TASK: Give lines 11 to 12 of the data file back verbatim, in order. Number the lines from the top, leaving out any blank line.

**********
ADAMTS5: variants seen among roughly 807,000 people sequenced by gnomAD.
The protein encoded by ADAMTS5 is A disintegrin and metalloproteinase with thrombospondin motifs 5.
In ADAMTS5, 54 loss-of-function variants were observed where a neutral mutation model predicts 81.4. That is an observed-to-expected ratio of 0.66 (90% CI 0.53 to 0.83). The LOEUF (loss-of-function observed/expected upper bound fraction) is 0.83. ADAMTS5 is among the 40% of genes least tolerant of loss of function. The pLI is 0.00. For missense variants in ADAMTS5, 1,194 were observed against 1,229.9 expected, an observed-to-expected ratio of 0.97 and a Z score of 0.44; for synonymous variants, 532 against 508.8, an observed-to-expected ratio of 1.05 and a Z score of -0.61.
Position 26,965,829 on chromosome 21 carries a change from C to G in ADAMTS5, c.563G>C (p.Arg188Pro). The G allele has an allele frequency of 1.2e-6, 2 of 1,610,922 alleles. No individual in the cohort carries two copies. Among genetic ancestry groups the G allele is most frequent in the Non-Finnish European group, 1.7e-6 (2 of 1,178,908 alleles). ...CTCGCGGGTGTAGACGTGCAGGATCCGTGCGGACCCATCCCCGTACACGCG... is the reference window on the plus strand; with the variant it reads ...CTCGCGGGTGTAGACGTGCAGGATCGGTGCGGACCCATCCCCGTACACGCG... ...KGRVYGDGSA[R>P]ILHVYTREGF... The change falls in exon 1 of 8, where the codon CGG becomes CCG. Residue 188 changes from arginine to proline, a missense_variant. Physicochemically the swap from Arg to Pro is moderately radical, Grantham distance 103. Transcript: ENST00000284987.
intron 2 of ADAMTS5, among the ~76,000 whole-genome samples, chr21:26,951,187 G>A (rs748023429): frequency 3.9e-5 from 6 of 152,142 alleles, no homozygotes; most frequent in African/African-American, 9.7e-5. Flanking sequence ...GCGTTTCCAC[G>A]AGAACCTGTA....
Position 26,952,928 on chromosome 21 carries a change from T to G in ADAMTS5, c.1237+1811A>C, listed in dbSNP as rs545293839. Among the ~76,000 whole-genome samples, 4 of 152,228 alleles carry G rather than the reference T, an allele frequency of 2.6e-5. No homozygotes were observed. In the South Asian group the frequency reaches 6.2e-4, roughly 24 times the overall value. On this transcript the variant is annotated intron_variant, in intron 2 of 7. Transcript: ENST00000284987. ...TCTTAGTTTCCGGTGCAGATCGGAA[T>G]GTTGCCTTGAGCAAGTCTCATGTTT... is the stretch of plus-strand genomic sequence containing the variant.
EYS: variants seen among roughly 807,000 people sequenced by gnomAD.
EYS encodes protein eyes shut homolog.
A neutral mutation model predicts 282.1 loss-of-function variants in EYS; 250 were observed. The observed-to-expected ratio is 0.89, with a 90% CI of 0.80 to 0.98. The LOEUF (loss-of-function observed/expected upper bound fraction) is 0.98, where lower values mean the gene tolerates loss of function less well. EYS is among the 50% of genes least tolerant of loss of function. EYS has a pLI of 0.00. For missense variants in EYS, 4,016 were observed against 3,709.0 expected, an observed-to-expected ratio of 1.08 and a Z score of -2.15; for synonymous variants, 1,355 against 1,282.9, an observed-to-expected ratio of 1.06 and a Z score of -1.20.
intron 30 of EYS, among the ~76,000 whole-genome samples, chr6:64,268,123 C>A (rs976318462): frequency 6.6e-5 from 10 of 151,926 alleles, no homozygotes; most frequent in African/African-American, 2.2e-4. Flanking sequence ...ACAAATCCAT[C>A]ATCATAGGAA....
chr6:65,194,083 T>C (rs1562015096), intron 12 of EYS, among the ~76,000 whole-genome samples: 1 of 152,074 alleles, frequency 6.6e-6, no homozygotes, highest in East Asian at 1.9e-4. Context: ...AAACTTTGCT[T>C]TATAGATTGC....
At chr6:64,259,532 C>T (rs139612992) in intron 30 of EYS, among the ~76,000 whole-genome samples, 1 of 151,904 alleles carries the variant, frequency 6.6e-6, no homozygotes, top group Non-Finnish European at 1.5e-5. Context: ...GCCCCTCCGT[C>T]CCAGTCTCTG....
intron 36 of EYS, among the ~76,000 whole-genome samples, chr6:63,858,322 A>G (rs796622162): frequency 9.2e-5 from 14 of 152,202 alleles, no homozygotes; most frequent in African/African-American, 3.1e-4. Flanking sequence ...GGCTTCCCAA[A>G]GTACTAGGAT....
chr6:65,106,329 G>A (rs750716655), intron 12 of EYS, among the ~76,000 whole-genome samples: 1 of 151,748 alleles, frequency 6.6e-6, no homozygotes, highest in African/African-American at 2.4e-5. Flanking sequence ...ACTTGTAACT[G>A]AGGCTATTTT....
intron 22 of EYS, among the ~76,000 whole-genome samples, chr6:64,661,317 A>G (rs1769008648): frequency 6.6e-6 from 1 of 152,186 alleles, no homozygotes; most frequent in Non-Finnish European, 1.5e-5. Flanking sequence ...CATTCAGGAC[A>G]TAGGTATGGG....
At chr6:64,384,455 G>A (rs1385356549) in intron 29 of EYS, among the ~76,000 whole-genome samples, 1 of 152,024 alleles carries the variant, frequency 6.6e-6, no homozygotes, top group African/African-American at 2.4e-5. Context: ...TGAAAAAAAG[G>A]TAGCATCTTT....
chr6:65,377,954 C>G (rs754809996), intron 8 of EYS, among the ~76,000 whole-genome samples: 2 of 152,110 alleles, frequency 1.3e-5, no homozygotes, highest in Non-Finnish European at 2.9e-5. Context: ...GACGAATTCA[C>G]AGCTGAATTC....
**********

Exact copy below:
chr6:65,194,083 T>C (rs1562015096), intron 12 of EYS, among the ~76,000 whole-genome samples: 1 of 152,074 alleles, frequency 6.6e-6, no homozygotes, highest in East Asian at 1.9e-4. Context: ...AAACTTTGCT[T>C]TATAGATTGC....
At chr6:64,259,532 C>T (rs139612992) in intron 30 of EYS, among the ~76,000 whole-genome samples, 1 of 151,904 alleles carries the variant, frequency 6.6e-6, no homozygotes, top group Non-Finnish European at 1.5e-5. Context: ...GCCCCTCCGT[C>T]CCAGTCTCTG....